I think attitude is everything; you can’t let your fears and concerns get in the way. Perseverance is key. It may take six, seven, eight years and you just have to keep at it. You also have to have some idea of how business works: cost and profit margins, marketing, finance. My parents are from Hong Kong, which is a very capitalistic city, and my dad still has his own business there. It’s in the auto industry so not really relevant to my business, but I really appreciate what he built and I’ve learned from him. Both of my parents were very encouraging.

Did you have an “uh-oh, this isn’t going to work” moment about VienneMilano?

Yes! You definitely have to be mentally balanced and thick-skinned and not have everything go into drama mode. When we launched, our prices were twice what they now are. But our first-year sales, despite great marketing and media coverage, showed us that our prices were too high for our American market. So we slashed them and waited. You ask yourself, “Gosh have I made the right decision?” By lowering our prices we were able to reach a broader audience willing to give our product a try.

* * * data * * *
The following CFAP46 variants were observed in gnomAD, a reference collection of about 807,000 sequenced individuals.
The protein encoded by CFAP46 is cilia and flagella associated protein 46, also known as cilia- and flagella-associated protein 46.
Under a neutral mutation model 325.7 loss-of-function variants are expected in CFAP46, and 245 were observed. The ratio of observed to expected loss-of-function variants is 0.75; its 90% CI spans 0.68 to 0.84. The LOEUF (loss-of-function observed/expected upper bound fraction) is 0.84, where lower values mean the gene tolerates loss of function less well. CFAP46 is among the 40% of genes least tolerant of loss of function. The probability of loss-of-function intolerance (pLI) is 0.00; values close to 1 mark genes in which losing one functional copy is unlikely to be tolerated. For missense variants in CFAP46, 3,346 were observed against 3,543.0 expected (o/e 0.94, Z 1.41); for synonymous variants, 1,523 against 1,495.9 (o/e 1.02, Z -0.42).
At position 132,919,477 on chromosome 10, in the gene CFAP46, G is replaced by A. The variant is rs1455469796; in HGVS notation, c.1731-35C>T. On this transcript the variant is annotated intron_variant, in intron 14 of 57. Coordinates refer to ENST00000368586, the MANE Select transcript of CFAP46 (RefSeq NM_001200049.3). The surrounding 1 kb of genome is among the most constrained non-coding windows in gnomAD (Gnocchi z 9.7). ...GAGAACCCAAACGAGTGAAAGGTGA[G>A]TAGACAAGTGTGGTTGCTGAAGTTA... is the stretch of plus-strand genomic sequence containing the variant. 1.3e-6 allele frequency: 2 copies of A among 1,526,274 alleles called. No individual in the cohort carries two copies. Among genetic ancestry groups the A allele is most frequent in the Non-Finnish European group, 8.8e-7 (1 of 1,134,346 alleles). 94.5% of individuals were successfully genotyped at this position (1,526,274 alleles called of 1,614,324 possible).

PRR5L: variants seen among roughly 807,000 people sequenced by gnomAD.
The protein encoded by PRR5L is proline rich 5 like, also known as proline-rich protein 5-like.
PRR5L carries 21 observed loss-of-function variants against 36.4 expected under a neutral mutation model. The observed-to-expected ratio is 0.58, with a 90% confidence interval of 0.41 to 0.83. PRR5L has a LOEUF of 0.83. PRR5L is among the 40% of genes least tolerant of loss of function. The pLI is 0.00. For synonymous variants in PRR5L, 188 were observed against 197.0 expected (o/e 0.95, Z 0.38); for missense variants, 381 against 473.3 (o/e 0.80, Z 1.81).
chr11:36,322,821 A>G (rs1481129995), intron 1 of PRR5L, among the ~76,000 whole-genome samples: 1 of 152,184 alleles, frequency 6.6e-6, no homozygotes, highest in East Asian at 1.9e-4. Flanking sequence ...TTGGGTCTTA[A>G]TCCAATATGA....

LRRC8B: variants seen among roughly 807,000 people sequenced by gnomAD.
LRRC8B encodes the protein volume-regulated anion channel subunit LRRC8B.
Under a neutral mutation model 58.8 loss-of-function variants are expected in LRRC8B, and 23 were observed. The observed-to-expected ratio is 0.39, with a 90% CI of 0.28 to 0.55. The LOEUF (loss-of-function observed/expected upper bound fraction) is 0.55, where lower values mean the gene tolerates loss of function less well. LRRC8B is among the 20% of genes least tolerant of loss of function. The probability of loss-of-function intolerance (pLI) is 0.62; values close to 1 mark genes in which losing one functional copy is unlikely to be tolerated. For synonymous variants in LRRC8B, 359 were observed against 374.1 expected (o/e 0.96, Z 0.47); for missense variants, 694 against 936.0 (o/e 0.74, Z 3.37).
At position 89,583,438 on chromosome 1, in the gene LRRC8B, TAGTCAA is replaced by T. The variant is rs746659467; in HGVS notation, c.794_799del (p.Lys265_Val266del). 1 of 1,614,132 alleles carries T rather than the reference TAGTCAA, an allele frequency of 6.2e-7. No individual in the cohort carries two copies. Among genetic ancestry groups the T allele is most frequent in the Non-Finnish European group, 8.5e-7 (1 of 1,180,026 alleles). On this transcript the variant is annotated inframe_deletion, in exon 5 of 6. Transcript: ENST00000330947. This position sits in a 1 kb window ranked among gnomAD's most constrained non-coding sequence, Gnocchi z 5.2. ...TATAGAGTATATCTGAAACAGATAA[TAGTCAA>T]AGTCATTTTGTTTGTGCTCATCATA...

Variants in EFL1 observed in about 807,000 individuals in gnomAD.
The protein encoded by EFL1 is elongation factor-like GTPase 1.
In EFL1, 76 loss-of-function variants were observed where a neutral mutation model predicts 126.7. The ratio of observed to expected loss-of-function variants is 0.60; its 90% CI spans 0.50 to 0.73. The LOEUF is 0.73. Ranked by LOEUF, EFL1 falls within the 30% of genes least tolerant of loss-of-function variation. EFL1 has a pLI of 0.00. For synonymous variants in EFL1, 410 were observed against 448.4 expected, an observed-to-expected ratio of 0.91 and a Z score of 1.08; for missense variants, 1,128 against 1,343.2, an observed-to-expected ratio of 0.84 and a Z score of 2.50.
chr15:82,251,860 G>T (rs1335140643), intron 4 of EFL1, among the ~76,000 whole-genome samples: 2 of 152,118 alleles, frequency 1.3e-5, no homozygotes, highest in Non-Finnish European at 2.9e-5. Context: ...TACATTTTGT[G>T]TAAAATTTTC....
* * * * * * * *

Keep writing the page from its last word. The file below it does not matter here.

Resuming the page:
Let’s talk about funding. How did you handle access to capital as a startup?

I met my investor a little more than four years ago. Through conversations with him he said, “If you are willing to do the work, I’ll back it up.” He told me that sometimes you invest in people. He set a certain budget and is now getting a return on his investment. There are many places you can go to ask for angel funding, but I think it’s always essential to be able to make people believe in you, in what you can do.